ECPR

Install the app

Install this application on your home screen for quick and easy access when you’re on the go.

Just tap Share then “Add to Home Screen”

ECPR

Install the app

Install this application on your home screen for quick and easy access when you’re on the go.

Just tap Share then “Add to Home Screen”

Back to Paper Details

When (self)reflexivity leads to political success? Framing Identity of Rising Nation Party for Lithuanian General Elections 2008

Jūratė Kavaliauskaitė
Vilnius University
Jūratė Kavaliauskaitė
Vilnius University
Open Panel

Abstract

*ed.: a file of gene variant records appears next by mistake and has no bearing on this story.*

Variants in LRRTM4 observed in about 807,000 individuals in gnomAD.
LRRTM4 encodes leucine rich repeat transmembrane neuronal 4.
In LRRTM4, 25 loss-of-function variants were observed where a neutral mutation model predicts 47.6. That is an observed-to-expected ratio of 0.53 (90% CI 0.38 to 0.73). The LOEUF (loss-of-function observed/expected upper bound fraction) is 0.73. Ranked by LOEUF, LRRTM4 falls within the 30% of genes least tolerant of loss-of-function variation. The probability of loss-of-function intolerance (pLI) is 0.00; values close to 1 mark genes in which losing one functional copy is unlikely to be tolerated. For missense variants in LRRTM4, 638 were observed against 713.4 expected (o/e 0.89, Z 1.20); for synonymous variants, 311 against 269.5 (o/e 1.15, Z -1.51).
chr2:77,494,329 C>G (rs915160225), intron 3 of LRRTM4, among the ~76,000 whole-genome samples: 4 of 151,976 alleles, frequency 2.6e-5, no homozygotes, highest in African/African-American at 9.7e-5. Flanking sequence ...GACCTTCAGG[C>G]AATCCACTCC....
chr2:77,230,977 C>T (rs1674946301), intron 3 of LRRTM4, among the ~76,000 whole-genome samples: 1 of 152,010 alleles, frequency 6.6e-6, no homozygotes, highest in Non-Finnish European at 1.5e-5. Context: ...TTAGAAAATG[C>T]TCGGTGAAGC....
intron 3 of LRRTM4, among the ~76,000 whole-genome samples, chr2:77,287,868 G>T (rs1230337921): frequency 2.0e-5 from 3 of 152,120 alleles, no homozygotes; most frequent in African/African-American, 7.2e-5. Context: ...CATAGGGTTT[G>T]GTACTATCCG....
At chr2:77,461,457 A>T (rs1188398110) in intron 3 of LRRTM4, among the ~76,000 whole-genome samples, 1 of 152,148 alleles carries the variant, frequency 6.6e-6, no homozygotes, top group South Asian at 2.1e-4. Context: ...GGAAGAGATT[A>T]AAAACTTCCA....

Anxiety about the crisis of public communication is often anchored to transformations of contemporary political advertising. Image-based, affective and media-driven advertising is believed to corrupt electorates making their political choice. However, the anxiety seldom leads political scientists to two important questions: first, how ad-saturated, jaded and media-cynic social environments affect innovations in political ads? Secondly, if advertising is doomed to a neomania (Bartes, 1989), a constant quest for original semantic codes to compete in highly competitive markets, what frames are advantageous for new political actors, keen to enter an established multi-party system? Mass communication and advertising scholars distinguish self-reflexivity as an avant-garde mode of framing in commercial ads (Goldman, Papson, 1996, 1998; Leiss, Botterill, 2005). Built on meta-communication, such advertising addresses, reflects, questions itself and brings anxiety about surrogate regimes of imagology (Kundera, 2002) and simulacra (Baudrillard, 1995) to the core of political messages. The paper examines the frame of self-reflexive identity as the key to the success of Rising Nation Party (RNP) in the Lithuanian General Elections 2008. The controversial frame allowed the political newcomer a temporal establishment of a radically new political identity that was attractive for electorates, vulnerable to contemporary mediatization of political reality. The argument is built on the empirical analysis of (a) a semiotic frame of RNP’s core political advertising, (b) triggered responses of the national public sphere, and (c) survey-based (2008) public attitudes towards reflexive and playful frames in strategic political communication. Finally, limitations and faults of radical self-reflexivity in political competition are discussed.